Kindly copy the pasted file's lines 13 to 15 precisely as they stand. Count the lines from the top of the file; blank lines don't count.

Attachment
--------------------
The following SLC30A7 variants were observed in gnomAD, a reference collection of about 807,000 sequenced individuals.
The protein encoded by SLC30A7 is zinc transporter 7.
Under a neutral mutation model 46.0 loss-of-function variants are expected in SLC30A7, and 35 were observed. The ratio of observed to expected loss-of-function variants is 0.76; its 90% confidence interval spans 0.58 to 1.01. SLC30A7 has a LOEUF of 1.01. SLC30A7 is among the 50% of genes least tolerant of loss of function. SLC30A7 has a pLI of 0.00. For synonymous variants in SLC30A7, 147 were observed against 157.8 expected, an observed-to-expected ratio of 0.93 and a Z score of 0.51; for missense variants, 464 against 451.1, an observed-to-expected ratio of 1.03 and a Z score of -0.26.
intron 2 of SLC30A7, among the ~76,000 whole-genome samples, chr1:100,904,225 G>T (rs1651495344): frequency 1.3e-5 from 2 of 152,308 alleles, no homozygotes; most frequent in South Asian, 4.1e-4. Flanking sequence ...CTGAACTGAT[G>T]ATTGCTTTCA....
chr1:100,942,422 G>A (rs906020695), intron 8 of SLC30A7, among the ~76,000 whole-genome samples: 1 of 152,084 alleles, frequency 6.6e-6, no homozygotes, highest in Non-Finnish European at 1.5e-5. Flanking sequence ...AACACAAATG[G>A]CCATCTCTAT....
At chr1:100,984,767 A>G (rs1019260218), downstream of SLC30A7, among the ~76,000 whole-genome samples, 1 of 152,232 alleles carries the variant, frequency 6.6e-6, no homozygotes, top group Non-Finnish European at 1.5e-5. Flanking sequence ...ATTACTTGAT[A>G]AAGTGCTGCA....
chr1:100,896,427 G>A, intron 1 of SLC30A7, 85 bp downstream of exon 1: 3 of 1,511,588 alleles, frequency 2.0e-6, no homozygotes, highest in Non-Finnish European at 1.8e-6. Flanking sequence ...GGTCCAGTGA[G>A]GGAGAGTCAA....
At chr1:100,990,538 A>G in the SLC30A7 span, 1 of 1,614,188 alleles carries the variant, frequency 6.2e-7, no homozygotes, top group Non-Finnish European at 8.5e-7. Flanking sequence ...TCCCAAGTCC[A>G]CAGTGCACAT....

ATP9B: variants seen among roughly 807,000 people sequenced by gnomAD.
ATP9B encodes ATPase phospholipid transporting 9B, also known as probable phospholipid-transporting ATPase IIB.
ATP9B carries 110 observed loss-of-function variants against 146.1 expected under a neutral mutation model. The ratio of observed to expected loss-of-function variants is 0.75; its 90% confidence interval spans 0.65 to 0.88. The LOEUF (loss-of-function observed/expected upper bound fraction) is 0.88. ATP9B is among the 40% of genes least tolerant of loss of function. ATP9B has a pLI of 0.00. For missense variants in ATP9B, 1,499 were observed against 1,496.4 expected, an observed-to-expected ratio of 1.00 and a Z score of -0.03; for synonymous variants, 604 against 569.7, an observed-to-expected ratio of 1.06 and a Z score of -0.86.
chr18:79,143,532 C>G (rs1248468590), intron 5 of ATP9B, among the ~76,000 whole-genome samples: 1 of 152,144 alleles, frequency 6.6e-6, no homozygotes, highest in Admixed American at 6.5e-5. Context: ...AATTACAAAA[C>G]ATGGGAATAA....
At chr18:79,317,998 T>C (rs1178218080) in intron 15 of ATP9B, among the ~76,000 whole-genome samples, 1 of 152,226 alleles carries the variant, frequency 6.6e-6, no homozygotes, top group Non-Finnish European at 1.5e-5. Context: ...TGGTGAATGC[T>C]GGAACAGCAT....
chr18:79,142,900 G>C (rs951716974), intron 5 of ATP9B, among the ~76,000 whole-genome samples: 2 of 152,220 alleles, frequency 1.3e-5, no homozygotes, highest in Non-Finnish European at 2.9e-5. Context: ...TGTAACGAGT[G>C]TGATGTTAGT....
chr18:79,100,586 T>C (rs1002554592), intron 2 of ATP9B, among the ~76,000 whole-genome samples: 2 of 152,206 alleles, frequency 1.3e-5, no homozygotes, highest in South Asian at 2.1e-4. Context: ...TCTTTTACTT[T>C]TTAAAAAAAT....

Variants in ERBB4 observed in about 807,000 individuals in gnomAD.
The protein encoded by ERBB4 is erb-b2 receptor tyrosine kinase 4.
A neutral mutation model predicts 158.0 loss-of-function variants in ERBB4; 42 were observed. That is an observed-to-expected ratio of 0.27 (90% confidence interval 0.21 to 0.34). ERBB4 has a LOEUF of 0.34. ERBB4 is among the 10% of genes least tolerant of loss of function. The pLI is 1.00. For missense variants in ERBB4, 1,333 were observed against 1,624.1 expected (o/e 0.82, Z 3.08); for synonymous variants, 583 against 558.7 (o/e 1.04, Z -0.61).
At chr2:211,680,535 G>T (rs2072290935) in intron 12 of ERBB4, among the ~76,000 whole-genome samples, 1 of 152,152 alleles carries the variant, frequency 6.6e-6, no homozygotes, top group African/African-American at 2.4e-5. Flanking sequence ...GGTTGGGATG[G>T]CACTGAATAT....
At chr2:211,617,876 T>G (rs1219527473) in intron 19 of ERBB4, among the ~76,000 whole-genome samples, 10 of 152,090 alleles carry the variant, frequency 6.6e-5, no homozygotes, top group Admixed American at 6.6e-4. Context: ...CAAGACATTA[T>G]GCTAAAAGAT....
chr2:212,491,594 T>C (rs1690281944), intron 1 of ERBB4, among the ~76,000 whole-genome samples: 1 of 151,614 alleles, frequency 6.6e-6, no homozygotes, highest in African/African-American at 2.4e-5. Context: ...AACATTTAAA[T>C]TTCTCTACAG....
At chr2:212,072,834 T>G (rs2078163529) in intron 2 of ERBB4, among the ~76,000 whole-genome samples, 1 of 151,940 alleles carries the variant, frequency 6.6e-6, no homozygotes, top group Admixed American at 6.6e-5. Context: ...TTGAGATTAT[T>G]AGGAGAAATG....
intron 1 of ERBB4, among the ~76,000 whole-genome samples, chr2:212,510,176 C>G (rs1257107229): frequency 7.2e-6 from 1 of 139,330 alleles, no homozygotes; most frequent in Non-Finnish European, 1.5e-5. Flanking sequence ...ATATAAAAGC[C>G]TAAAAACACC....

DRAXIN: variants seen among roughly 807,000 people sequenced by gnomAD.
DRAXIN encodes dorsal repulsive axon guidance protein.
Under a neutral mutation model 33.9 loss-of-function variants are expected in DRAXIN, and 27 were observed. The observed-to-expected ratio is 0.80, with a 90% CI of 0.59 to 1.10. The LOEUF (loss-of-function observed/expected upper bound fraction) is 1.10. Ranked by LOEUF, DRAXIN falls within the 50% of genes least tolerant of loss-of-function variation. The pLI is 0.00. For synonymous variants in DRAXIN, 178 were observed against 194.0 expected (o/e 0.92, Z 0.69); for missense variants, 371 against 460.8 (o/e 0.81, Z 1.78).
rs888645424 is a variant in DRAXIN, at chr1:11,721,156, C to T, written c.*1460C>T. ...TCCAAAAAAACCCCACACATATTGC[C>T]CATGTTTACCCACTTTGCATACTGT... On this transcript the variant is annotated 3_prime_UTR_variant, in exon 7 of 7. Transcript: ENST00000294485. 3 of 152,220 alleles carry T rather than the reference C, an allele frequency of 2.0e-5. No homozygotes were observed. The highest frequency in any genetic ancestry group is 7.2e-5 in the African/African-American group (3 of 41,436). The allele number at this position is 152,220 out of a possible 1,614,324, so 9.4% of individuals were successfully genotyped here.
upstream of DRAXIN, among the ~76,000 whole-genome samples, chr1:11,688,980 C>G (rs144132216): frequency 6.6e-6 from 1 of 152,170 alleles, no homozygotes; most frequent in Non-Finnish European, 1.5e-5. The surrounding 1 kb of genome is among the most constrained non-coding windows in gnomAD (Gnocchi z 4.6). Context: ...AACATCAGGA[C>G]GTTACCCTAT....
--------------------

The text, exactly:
At chr18:79,317,998 T>C (rs1178218080) in intron 15 of ATP9B, among the ~76,000 whole-genome samples, 1 of 152,226 alleles carries the variant, frequency 6.6e-6, no homozygotes, top group Non-Finnish European at 1.5e-5. Context: ...TGGTGAATGC[T>C]GGAACAGCAT....
chr18:79,142,900 G>C (rs951716974), intron 5 of ATP9B, among the ~76,000 whole-genome samples: 2 of 152,220 alleles, frequency 1.3e-5, no homozygotes, highest in Non-Finnish European at 2.9e-5. Context: ...TGTAACGAGT[G>C]TGATGTTAGT....
chr18:79,100,586 T>C (rs1002554592), intron 2 of ATP9B, among the ~76,000 whole-genome samples: 2 of 152,206 alleles, frequency 1.3e-5, no homozygotes, highest in South Asian at 2.1e-4. Context: ...TCTTTTACTT[T>C]TTAAAAAAAT....